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Reader Comments (7)

Posted: Feb 6th 2009 11:25AM TheJackman said

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So noting really happened... Laws can not stop gamers from playing they favorite mmos it will just go black market :D

Posted: Feb 6th 2009 11:32PM Wilhelm2451 said

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I hear Mythic hedged their bets by shipping nothing but defective install CDs to Australia.

Posted: Feb 7th 2009 11:42PM (Unverified) said

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Can I ask why you're doing this? It doesn't affect you, and if the publicity does end up causing MMOs to be taken off shelves for an indefinite amount of time (government regulatory bodies don't act fast), isn't that only going to hurt the Australian playerbase of the game you promote/cover?

I'm all for investigative journalism, but you have the potential to harm the people you seek to provide content for.

I'm not saying anything will happen, but I don't see why we need to wake the sleepy government walrus that has let this stuff go by up 'til now.

Posted: Feb 7th 2009 10:08AM (Unverified) said

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Leaving the situation go as it is, as I said above, is harmful in the long-term to everyone involved.

If a set of laws or regulations say they apply to everyone, but enforcement irregular, and essentially on the whim of whoever happens to be in the chair, then nobody knows when or if they're going to get stung.

It is generally a matter of trust that our government authorities, regulators and enforcers don't just happen to ignore written regulations when they find them inconvenient.

If there's a *problem* with the regulations, then those regulations obviously need to be reviewed and perhaps revised.

I was actually chasing a slightly different story when this came to light. It appeared initially that content could completely bypass classification and regulation, simply by having a quick nod in the direction of MMOGness. Content that would otherwise be unacceptable in any other format appeared to be immune if presented in the guise of an MMOG.

The actual story turned out to be somewhat stranger - and I wasn't the only writer on the trail. I met three others chasing the same paths and leads during the three months I was working on this (one of whom had been researching this for publication for more than a year. Part of a book, I believe). I just happened to be the one who managed get enough data and be published first. If not me, then in a few days or weeks, one of the others would have published essentially the same story.

It's just one of those issues that's too big to keep quiet. Sooner or later it would have been in all our faces.
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Posted: Feb 7th 2009 11:41PM (Unverified) said

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Fair enough. I just hope this doesn't create problems for gamers like myself and many others in the future. We already have enough trouble with game ratings in this country, I just didn't think we needed another one.
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Posted: Feb 8th 2009 7:30AM (Unverified) said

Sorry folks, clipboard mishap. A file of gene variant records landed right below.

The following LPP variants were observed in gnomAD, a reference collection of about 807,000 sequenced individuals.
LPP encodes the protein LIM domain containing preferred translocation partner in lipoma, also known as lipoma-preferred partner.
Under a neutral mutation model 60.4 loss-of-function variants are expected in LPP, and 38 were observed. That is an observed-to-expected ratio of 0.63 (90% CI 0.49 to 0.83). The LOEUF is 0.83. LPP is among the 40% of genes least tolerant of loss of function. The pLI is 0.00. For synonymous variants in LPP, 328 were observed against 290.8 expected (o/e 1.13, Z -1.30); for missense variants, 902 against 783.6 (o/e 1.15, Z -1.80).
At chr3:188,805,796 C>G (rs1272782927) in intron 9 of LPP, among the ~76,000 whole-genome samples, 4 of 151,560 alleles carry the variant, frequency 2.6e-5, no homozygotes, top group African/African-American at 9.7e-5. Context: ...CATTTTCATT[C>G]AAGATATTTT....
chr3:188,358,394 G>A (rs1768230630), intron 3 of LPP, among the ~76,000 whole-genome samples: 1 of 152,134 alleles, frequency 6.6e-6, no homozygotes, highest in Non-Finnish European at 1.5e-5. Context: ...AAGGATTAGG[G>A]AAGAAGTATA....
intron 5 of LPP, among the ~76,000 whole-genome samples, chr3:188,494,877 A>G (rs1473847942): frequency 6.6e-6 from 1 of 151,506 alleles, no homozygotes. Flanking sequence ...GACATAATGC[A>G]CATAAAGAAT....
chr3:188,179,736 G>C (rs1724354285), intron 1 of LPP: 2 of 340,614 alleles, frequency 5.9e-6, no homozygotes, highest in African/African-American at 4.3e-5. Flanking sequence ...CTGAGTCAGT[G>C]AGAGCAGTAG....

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My hope is that things get straightened out, and become clearer and more predictable. The system certainly has its share of defects right now.
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Posted: Feb 8th 2009 4:42PM (Unverified) said

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Every system does. In our particular shared case, that's the nature of democracy and the common law.

After reviewing the legislation, I can see that it would be unlikely for an individual in possession of "prohibited material" to be charged, especially given the provisions in ss101 - 102 of the Classification (Publications, Films and Computer Games) Act 1995 (Cth). This is particular true given the narrow definition of "prescribed area" as per s3 of the Act, which references another piece of legislation - the Northern Territory National Emergency Response Act 2007 (Cth). This was no doubt established within the framework of the former government's push to remove pornography in certain Aboriginal areas in the Northern Territory.

The only danger would apparently be seizure of prohibited material, as per Part 10 Division 3 of the Classification Act 1995 (Cth). But even this becomes particularly unlikely given the provisions contained in the National Classification Code, which establishes the RC and Category 1 & 2 definitions, none of which would cover 80% of MMOs.

If it was truly harming people, or had the potential to, it would have most likely occured already and the law would've been changed. There are many laws or regulations on the books that are dated, rarely used or are simply irrelevant. In some Australian states it is still a requirement to have a person standing 20ft in front of your car with a flag to warn oncoming carriage and pedestrian traffic. In others witchcraft is illegal. There are similar examples in the US, UK and presumably Canada. Granted, these are extreme examples, but I really doubt the gravity that you are giving this particular instance. The fact remains that there aren't any MMOs with extensive drug use, gratuitous sex scenes, or violence exceeding a typical M15+ game already on the market. Agreed, it would be good if things were more transparent -- but bureacracy is a slow-moving beast, and sometimes it is better left well enough alone.
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